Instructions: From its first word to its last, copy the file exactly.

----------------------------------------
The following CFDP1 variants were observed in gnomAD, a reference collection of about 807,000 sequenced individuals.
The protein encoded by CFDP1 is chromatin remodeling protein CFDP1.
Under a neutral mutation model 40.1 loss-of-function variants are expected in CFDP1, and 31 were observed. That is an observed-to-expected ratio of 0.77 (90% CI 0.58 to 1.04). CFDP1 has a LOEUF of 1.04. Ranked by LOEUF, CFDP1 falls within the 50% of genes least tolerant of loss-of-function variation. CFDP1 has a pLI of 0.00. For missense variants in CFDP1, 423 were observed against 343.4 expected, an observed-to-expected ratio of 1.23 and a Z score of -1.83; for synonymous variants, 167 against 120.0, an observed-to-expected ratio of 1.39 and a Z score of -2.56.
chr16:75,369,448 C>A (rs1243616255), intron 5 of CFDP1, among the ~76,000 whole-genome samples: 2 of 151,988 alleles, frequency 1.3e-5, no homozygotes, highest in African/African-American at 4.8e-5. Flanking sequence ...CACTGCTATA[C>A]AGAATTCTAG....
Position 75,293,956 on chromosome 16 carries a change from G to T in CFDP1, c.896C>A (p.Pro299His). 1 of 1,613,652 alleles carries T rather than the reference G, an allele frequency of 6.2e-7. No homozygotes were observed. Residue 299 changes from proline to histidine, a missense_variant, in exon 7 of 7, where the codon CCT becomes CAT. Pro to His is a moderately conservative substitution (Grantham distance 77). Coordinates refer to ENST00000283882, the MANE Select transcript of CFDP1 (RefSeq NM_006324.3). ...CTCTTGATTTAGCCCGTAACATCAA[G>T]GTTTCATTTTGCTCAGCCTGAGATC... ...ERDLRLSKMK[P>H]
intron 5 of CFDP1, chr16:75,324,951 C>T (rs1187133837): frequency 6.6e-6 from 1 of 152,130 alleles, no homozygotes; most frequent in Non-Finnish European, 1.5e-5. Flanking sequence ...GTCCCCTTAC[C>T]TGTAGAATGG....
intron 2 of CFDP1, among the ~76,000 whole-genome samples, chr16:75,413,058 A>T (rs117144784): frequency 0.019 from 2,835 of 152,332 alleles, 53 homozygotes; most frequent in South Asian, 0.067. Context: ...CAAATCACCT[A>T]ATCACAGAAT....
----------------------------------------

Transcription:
The following CFDP1 variants were observed in gnomAD, a reference collection of about 807,000 sequenced individuals.
The protein encoded by CFDP1 is chromatin remodeling protein CFDP1.
Under a neutral mutation model 40.1 loss-of-function variants are expected in CFDP1, and 31 were observed. That is an observed-to-expected ratio of 0.77 (90% CI 0.58 to 1.04). CFDP1 has a LOEUF of 1.04. Ranked by LOEUF, CFDP1 falls within the 50% of genes least tolerant of loss-of-function variation. CFDP1 has a pLI of 0.00. For missense variants in CFDP1, 423 were observed against 343.4 expected, an observed-to-expected ratio of 1.23 and a Z score of -1.83; for synonymous variants, 167 against 120.0, an observed-to-expected ratio of 1.39 and a Z score of -2.56.
chr16:75,369,448 C>A (rs1243616255), intron 5 of CFDP1, among the ~76,000 whole-genome samples: 2 of 151,988 alleles, frequency 1.3e-5, no homozygotes, highest in African/African-American at 4.8e-5. Flanking sequence ...CACTGCTATA[C>A]AGAATTCTAG....
Position 75,293,956 on chromosome 16 carries a change from G to T in CFDP1, c.896C>A (p.Pro299His). 1 of 1,613,652 alleles carries T rather than the reference G, an allele frequency of 6.2e-7. No homozygotes were observed. Residue 299 changes from proline to histidine, a missense_variant, in exon 7 of 7, where the codon CCT becomes CAT. Pro to His is a moderately conservative substitution (Grantham distance 77). Coordinates refer to ENST00000283882, the MANE Select transcript of CFDP1 (RefSeq NM_006324.3). ...CTCTTGATTTAGCCCGTAACATCAA[G>T]GTTTCATTTTGCTCAGCCTGAGATC... ...ERDLRLSKMK[P>H]
intron 5 of CFDP1, chr16:75,324,951 C>T (rs1187133837): frequency 6.6e-6 from 1 of 152,130 alleles, no homozygotes; most frequent in Non-Finnish European, 1.5e-5. Flanking sequence ...GTCCCCTTAC[C>T]TGTAGAATGG....
intron 2 of CFDP1, among the ~76,000 whole-genome samples, chr16:75,413,058 A>T (rs117144784): frequency 0.019 from 2,835 of 152,332 alleles, 53 homozygotes; most frequent in South Asian, 0.067. Context: ...CAAATCACCT[A>T]ATCACAGAAT....